Hook, Line, and Stinker: How the Jurisdictional 'Hook' for Hobbs is Unconstitutionally Broad, Leads to Overcriminalization, and Absurd Results

Author:Kameron C. Dodge
Position:J.D. Candidate, The University of Iowa College of Law, 2020; B.S., Northwestern University, 2013
Pages:2299-2328
2299
Hook, Line, and Stinker: How the
Jurisdictional “Hook” for Hobbs is
Unconstitutionally Broad, Leads
to Overcriminalization, and
Absurd Results
Kameron C. Dodge*
ABSTRACT: The Hobbs Act, passed by Congress in 1946, makes it a federal
crime to obstruct, delay, or affect commerce through robbery or extortion.
“Commerce” is the federal jurisdictional hook that elevates robbery to a federal
crime. The commerce hook grants jurisdiction for all robberies that Congress’s
Commerce Clause power reaches. This Note argues that federal Hobbs Act
robbery prosecutions for individual, localized robbery eviscerates meaningful
dual federalism distinctions and has led to confusion among lower courts and
patchwork definitions for what it means to “affect commerce” for these cases.
This Note proposes three solutions—at least one for each coordinate branch of
government—to solve the problem. For the judicial branch, the Supreme Court
should declare the Hobbs Act unconstitutional because it grants Congress a
police power to reach purely local robbery that should be left to state prosecution
and that “commerce” should be interpreted consistently with its meaning at
the time of the Hobbs Act’s passage. For the legislative branch, Congress
should amend the Hobbs Act to only allow federal prosecution of robberies that
“substantially and directly” affect commerce. The Note concludes that the
judicial and legislative solutions for Hobbs are unlikely, so pragmatically, the
executive branch should adopt prospective enforcement policies that make
clear Hobbs charges should not be brought for de minimis, localized robbery.
Each of these solutions would aid in restoring the appropriate balance between
federal and state criminal robbery law thus, keeping federal resources trained
on the most pressing national concerns.
*
J.D. Candidate, The University of Iowa College of Law, 2020; B.S., Northwestern
University, 2013. My thanks to Professors Cristina Tilley, Todd Pettys and Mihailis Diamantis for
their helpful comments and advice as well as the Iowa Law Review editorial board for their w ork
on this Note. I owe a particular debt of gratitude to my parents, Mark and Pam; without their
support and encouragement none of my dreams would be possible.
2300 IOWA LAW REVIEW [Vol. 105:2299
I.INTRODUCTION ........................................................................... 2300
II. A REVIEW OF HOBBS ................................................................... 2301
A.HOBBS ACT HISTORY ............................................................ 2302
B.SCOPE OF THE FEDERAL COMMERCE POWER ............................ 2304
C.SUPREME COURTS INTERPRETATION OF “COMMERCE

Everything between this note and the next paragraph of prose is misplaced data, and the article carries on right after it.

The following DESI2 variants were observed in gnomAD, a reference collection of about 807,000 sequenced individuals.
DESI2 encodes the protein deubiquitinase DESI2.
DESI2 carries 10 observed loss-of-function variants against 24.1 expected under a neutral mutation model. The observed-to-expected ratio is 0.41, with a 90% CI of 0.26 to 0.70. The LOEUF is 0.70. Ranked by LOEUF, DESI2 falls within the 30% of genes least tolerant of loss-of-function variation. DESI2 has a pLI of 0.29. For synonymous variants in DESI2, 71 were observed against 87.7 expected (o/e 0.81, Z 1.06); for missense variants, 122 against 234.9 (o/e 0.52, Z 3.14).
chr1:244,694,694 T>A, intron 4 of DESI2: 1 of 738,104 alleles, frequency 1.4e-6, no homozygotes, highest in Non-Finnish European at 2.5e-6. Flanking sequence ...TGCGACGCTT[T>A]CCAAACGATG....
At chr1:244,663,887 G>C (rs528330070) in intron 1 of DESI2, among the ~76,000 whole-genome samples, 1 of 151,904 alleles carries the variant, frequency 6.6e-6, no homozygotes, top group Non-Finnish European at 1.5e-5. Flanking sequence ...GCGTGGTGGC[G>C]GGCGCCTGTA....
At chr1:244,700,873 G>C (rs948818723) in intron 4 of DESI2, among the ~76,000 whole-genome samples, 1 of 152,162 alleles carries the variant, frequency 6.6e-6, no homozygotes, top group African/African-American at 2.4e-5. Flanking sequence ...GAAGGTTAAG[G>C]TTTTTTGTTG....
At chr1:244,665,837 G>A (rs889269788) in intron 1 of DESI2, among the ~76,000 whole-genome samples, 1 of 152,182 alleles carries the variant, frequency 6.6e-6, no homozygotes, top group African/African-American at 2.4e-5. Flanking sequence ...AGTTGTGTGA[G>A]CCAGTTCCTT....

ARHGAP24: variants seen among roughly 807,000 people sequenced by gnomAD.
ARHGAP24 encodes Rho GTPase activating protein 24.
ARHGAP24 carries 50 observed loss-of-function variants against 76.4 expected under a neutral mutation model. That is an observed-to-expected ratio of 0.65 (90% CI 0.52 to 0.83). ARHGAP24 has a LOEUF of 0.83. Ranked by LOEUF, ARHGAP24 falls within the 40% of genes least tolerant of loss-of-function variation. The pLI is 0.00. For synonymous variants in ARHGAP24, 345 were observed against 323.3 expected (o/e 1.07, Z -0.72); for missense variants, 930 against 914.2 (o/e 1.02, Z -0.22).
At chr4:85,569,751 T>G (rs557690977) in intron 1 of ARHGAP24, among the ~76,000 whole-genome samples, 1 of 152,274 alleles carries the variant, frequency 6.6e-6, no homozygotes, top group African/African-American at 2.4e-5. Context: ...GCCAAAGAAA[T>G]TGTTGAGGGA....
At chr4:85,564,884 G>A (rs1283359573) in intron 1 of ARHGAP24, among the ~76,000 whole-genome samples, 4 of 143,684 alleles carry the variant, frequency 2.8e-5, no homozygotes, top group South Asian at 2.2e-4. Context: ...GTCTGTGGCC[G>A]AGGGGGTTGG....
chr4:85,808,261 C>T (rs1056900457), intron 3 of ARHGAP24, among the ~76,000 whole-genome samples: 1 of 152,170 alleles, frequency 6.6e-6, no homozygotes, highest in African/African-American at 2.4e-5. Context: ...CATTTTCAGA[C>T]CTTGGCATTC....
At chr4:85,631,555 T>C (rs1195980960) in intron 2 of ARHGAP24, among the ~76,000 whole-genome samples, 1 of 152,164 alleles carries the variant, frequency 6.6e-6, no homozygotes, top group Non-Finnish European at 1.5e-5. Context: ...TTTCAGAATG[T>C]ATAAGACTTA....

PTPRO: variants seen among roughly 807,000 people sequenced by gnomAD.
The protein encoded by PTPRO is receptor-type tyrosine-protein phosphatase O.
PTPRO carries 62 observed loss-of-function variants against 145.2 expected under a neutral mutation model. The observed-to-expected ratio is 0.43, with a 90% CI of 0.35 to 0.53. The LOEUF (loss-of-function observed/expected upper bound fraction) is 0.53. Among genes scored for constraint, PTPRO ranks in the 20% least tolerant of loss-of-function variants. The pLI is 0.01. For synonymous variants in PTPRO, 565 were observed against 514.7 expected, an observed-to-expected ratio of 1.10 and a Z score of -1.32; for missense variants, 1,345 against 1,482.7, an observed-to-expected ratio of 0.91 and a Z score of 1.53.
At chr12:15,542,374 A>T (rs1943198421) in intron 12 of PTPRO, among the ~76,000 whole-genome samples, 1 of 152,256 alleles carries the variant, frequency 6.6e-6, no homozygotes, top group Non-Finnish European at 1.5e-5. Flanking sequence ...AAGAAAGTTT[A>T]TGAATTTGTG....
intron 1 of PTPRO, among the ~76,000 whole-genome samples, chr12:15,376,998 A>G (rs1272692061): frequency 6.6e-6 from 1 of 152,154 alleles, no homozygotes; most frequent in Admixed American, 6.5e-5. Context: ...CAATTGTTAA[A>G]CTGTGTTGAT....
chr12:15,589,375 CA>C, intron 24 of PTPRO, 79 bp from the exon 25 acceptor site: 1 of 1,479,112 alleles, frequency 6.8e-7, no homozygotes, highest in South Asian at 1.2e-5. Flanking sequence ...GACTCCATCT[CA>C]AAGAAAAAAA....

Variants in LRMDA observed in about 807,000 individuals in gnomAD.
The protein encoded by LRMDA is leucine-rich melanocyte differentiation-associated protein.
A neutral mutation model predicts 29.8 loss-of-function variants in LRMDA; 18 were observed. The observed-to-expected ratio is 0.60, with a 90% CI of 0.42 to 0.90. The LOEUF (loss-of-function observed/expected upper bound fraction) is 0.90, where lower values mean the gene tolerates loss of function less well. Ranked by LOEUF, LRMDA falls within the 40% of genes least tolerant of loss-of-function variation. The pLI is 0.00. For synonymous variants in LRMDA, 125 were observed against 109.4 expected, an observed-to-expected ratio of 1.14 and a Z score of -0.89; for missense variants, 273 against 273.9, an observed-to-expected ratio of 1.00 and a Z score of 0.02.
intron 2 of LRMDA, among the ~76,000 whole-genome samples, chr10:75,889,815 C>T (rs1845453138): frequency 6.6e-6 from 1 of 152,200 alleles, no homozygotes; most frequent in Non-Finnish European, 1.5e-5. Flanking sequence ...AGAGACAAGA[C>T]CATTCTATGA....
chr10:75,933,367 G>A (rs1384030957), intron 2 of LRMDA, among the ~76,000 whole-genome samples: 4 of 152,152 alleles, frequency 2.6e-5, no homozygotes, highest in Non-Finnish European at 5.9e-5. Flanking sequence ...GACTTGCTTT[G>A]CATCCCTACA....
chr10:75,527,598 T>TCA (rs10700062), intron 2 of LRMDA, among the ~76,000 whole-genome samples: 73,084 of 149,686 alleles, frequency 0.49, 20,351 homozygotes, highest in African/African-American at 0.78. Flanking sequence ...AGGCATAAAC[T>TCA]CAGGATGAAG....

FROM HOBBS ACT ................................................................. 2307
III. IRREGULARITIES AND MISAPPLICATIONS ..................................... 2310
A.CONFLICTING CIRCUIT INTERPRETATIONS FOR “AFFECT
COMMERCE ......................................................................... 2311
1.Second Circuit ............................................................. 2311
2.Fifth Circuit ................................................................. 2313
3.Ninth Circuit ............................................................... 2314
4.Eighth Circuit .............................................................. 2315
5.Eleventh Circuit........................................................... 2318
B.CIRCUIT CONFLICT ON SUBSTANTIALLY SIMILAR FACTS ........... 2319
1.ATM Robbery is Insufficient to Establish Hobbs
Jurisdiction: United States v. Burton ............................. 2319
2.ATM Robbery is Sufficient to Establish Hobbs
Jurisdiction: United States v. Rose ................................. 2320
C.OVER-FEDERALIZATION OF CRIME UNDER HOBBS .................... 2322
IV.THE SEARCH FOR A LIMITING PRINCIPLE .................................... 2323
A.JUDICIAL BRANCH: PREVENTING HOBBSS APPLICABILITY
TO INDIVIDUALIZED, LOCAL ROBBERY .................................... 2324
B.LEGISLATIVE BRANCH: MODIFYING HOBBSS STATUTORY
TEXT .................................................................................... 2326
C.EXECUTIVE BRANCH: PROHIBIT HOBBS CHARGES FOR
INDIVIDUAL, LOCALIZED ROBBERY ......................................... 2327
V.CONCLUSION .............................................................................. 2328
I. INTRODUCTION
The Hobbs Act (“Hobbs”) was passed in 1946 as an amendment to the
Anti-Racketeering Act of 1934.1 Hobbs was important to the successful
prosecution of mostly intrastate disruptions to transporting goods in
interstate commerce.2 Traditionally, the criminalization and prosecution of
1. 18 U.S.C. § 1951 (2012).
2. Prosecution Under the Hobbs Act and the Expansion of Federal Criminal Jurisdiction, 66 J. CRIM.
L. & CRIMINOLOGY 306, 310 (1975) [hereinafter Prosecution Under Hobbs].

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